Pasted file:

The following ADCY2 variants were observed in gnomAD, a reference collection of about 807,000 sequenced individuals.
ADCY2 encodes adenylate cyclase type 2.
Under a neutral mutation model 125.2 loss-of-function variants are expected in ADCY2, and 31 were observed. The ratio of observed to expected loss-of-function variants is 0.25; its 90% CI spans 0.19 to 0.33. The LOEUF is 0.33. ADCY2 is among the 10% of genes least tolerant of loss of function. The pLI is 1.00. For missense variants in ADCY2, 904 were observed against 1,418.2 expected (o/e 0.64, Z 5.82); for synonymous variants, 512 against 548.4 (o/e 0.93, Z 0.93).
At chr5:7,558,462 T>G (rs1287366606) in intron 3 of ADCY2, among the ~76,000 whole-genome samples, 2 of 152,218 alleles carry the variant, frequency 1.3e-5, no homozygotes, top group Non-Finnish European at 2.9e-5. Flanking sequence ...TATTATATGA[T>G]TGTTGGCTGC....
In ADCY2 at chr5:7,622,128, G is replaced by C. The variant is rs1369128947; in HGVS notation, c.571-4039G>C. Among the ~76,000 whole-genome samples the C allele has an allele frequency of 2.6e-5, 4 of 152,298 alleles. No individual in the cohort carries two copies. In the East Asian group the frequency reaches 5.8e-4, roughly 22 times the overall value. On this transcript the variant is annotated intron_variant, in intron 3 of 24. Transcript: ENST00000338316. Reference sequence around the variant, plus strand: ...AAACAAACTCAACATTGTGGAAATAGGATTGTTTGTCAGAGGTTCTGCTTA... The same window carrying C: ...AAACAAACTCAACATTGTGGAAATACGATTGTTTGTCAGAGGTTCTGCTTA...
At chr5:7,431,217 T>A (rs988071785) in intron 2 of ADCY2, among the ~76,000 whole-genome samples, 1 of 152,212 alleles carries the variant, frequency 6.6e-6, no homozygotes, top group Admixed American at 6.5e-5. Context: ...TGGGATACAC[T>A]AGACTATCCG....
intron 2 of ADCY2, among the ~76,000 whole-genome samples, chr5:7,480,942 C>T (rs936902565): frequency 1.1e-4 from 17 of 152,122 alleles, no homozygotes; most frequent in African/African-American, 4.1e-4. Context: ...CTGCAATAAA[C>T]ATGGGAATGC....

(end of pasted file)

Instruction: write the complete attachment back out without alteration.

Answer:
The following ADCY2 variants were observed in gnomAD, a reference collection of about 807,000 sequenced individuals.
ADCY2 encodes adenylate cyclase type 2.
Under a neutral mutation model 125.2 loss-of-function variants are expected in ADCY2, and 31 were observed. The ratio of observed to expected loss-of-function variants is 0.25; its 90% CI spans 0.19 to 0.33. The LOEUF is 0.33. ADCY2 is among the 10% of genes least tolerant of loss of function. The pLI is 1.00. For missense variants in ADCY2, 904 were observed against 1,418.2 expected (o/e 0.64, Z 5.82); for synonymous variants, 512 against 548.4 (o/e 0.93, Z 0.93).
At chr5:7,558,462 T>G (rs1287366606) in intron 3 of ADCY2, among the ~76,000 whole-genome samples, 2 of 152,218 alleles carry the variant, frequency 1.3e-5, no homozygotes, top group Non-Finnish European at 2.9e-5. Flanking sequence ...TATTATATGA[T>G]TGTTGGCTGC....
In ADCY2 at chr5:7,622,128, G is replaced by C. The variant is rs1369128947; in HGVS notation, c.571-4039G>C. Among the ~76,000 whole-genome samples the C allele has an allele frequency of 2.6e-5, 4 of 152,298 alleles. No individual in the cohort carries two copies. In the East Asian group the frequency reaches 5.8e-4, roughly 22 times the overall value. On this transcript the variant is annotated intron_variant, in intron 3 of 24. Transcript: ENST00000338316. Reference sequence around the variant, plus strand: ...AAACAAACTCAACATTGTGGAAATAGGATTGTTTGTCAGAGGTTCTGCTTA... The same window carrying C: ...AAACAAACTCAACATTGTGGAAATACGATTGTTTGTCAGAGGTTCTGCTTA...
At chr5:7,431,217 T>A (rs988071785) in intron 2 of ADCY2, among the ~76,000 whole-genome samples, 1 of 152,212 alleles carries the variant, frequency 6.6e-6, no homozygotes, top group Admixed American at 6.5e-5. Context: ...TGGGATACAC[T>A]AGACTATCCG....
intron 2 of ADCY2, among the ~76,000 whole-genome samples, chr5:7,480,942 C>T (rs936902565): frequency 1.1e-4 from 17 of 152,122 alleles, no homozygotes; most frequent in African/African-American, 4.1e-4. Context: ...CTGCAATAAA[C>T]ATGGGAATGC....